The "Duck Dynasty" family is standing behind patriarch Phil Robertson, who was suspended by A&E Wednesday
after he made anti-gay remarks in an interview with GQ magazine
On Thursday, the Robertson family issued a statement thanking fans for their "prayers and support," while expressing disappointment with A&E for its decision to put Robertson on an indefinite hiatus. The family said they "cannot imagine" the show without him and are "in discussions" with the network about "Duck Dynasty's" future.
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"We want to thank all of you for your prayers and support. The family has spent much time in prayer since learning of A&E's decision. We want you to know that first and foremost we are a family rooted in our faith in God and our belief that the Bible is His word," the Robertson's statement read.
"While some of Phil’s unfiltered comments to the reporter were coarse, his beliefs are grounded in the teachings of the Bible," the statement continued. "Phil is a Godly man who follows what the Bible says are the greatest commandments: 'Love the Lord your God with all your heart' and 'Love your neighbor as yourself.' Phil would never incite or encourage hate."
As for whether or not "Duck Dynasty" will have a future on A&E, the family appeared uncertain in its closing remarks.
"We are disappointed that Phil has been placed on hiatus for expressing his faith, which is his constitutionally protected right," the family said in conclusion. "We have had a successful working relationship with A&E but, as a family, we cannot imagine the show going forward without our patriarch at the helm. We are in discussions with A&E to see what that means for the future of Duck Dynasty. Again, thank you for your continued support of our family."
The 67-year-old is the patriarch of the Robertson clan on the A&E reality television series that revolves around a Louisiana family that made its fortune with products for duck hunters.
Now in its fourth season on A&E, "Duck Dynasty" is one of the most popular reality TV shows, drawing 9.6 million viewers with its season three finale earlier this year.
The Robertson family statement follows a barrage of support from fans of the show and conservative politicians from the likes of Sarah Palin and Louisiana's Republican Governor Bobby Jindal.
"Phil Robertson and his family are great citizens of the state of Louisiana," Jindal said
on the official website of the governor's office earlier in the week. "The politically correct crowd is tolerant of all viewpoints, except those they disagree with."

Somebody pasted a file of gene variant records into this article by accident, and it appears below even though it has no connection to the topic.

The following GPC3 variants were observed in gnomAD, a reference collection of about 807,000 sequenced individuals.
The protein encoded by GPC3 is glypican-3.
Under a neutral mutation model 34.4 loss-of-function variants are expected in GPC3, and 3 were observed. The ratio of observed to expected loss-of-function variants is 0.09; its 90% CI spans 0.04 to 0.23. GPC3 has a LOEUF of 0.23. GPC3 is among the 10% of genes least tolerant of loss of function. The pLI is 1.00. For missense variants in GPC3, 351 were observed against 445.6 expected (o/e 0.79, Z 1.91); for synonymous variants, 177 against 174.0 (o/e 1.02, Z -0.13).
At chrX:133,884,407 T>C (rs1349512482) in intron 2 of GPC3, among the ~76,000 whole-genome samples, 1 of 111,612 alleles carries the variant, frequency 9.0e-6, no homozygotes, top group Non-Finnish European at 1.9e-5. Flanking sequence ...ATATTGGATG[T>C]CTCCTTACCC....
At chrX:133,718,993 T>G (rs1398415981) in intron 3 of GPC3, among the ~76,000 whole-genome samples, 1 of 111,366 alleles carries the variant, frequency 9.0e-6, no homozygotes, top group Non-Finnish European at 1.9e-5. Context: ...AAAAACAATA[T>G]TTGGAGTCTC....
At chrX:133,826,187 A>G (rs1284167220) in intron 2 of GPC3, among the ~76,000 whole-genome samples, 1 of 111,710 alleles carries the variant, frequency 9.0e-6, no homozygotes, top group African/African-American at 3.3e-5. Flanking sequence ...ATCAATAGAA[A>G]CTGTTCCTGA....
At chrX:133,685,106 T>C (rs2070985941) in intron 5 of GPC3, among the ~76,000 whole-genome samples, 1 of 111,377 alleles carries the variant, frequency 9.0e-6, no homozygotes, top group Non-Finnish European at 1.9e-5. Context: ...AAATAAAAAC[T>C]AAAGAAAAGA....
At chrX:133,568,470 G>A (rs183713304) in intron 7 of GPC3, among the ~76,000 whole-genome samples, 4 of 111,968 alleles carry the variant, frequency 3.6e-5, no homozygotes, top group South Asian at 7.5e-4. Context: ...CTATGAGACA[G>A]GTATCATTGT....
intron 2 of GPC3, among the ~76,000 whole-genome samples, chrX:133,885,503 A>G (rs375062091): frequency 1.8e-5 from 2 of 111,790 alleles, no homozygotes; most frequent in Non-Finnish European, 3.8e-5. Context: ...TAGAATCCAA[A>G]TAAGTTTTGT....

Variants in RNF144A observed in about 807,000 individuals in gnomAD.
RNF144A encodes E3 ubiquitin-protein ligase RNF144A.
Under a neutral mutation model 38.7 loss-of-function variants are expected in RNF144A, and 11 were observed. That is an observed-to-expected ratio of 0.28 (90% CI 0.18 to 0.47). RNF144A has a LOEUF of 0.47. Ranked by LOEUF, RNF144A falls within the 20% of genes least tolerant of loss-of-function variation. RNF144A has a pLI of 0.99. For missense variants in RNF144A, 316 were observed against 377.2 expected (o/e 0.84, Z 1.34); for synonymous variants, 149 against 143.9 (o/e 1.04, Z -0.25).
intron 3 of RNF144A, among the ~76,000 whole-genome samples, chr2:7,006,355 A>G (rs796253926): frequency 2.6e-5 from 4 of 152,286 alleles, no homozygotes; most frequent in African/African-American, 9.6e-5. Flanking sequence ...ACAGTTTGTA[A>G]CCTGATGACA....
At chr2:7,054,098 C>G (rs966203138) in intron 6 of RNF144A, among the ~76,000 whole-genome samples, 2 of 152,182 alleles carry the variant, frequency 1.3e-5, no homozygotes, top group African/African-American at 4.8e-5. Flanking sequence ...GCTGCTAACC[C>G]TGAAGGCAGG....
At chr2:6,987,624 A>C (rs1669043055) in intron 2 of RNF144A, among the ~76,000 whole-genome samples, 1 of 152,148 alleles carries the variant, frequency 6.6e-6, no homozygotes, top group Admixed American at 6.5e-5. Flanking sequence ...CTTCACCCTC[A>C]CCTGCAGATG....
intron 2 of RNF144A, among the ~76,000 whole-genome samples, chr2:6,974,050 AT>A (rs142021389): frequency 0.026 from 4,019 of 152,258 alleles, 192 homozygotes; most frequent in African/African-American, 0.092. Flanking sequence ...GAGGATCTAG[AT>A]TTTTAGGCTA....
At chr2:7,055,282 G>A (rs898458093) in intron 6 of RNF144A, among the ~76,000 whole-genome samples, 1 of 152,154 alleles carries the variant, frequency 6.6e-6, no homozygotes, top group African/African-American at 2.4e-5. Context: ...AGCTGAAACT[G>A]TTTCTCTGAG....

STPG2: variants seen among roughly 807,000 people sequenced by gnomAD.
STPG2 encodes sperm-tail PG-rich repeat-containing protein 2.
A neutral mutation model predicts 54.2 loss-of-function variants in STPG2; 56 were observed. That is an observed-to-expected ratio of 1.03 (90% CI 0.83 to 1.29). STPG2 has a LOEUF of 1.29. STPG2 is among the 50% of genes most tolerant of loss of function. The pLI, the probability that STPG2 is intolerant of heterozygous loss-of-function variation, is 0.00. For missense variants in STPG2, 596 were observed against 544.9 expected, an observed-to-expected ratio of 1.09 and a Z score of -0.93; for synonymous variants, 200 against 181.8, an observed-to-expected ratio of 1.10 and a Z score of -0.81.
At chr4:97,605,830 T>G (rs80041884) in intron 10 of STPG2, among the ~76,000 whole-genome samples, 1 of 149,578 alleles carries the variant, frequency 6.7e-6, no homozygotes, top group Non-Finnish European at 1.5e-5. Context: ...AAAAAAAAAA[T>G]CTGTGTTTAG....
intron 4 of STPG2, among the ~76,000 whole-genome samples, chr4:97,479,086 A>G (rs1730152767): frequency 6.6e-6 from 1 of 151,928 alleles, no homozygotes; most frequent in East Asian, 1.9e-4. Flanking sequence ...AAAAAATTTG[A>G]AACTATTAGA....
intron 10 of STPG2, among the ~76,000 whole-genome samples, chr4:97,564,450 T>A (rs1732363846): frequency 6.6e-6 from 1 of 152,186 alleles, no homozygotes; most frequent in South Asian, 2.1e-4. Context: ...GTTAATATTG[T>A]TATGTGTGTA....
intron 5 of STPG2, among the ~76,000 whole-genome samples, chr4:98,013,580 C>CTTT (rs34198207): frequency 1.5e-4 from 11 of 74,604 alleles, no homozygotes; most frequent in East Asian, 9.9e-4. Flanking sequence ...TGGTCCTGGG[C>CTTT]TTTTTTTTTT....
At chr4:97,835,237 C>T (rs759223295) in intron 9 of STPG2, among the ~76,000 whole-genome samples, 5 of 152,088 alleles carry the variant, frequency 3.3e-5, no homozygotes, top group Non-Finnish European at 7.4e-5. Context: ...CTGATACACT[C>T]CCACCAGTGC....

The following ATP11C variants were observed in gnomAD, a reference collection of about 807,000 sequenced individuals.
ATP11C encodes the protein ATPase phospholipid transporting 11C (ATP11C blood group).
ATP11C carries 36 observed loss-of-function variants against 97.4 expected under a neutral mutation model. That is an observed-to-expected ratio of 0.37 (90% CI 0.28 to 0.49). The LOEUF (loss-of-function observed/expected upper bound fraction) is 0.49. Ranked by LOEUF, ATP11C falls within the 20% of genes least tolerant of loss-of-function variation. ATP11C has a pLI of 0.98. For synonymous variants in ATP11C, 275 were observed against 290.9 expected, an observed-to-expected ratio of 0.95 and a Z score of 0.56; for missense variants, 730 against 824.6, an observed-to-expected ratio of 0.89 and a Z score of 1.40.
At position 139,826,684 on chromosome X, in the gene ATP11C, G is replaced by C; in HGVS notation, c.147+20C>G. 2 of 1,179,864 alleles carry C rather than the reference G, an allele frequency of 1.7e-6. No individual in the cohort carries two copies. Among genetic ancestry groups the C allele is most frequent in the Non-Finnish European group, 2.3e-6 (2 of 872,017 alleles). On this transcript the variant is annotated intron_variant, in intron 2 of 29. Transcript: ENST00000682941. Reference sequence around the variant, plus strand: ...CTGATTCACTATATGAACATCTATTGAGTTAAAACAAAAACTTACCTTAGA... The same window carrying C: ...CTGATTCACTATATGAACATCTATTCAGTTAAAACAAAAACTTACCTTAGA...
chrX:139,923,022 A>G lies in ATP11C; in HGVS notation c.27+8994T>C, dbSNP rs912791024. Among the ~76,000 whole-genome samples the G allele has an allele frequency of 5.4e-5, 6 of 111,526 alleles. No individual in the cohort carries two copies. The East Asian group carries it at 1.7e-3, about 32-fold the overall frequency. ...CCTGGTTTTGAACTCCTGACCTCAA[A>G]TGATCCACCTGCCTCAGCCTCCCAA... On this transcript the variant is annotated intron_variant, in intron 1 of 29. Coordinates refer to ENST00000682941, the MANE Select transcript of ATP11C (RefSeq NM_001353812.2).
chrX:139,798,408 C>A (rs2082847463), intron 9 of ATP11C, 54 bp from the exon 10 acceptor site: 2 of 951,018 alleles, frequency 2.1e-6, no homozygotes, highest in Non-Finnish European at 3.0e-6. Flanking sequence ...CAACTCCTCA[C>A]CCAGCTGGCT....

On Wednesday, Palin wrote on Facebook that "free speech is an endangered species,"
adding "those 'intolerants' hatin' and taking on the Duck Dynasty patriarch for voicing his personal opinion are taking on all of us."
A&E's decision to suspend Robertson also generated backlash
from fans on various social media sites. Fans used the hashtags "#BringPhilBack" and "#StandWithPhil" calling for the public to boycott the network until executives reverse their decision.
In an interview with NewsmaxTV on Thursday, conservative media analyst Brent Bozell attributed A&E's quick to decision to suspend Robertson on Hollywood's supposed "gay lobby."
"This is A&E making a decision because the single most powerful lobby in Hollywood is the gay lobby. It's a reality. They are hugely successful," Bozell told NewsmaxTV
Conservative radio host Rush Limbaugh also weighed into the fray Thursday
"I think a lot of people are sick and tired of being pushed around by a very small minority of leftists who use weapons, like political correctness and censorship, intimidation, and everything else, in order to shut up the people who say things they don't want to hear or disagree with," he said.
In his interview with GQ, Robertson paraphrased biblical passages that opposed homosexual behavior.
"[You] start with homosexual behavior and just morph out from there — bestiality, sleeping around with this woman and that woman and that woman and those men," he said. "It seems like, to me a woman would be more desirable [than a man]. ... That's just me."
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"She's got more to offer," he continued. "I mean, come on, dudes! You know what I'm saying? But hey, sin: It's not logical, my man. It's just not logical."
The A&E reaction came shortly after a swift rebuke delivered by a spokesman from the gay rights organization GLAAD, in which he said Robertson's comments were not reflective of how "true Christians" view gays, considering "Phil and his family claim to be Christian."
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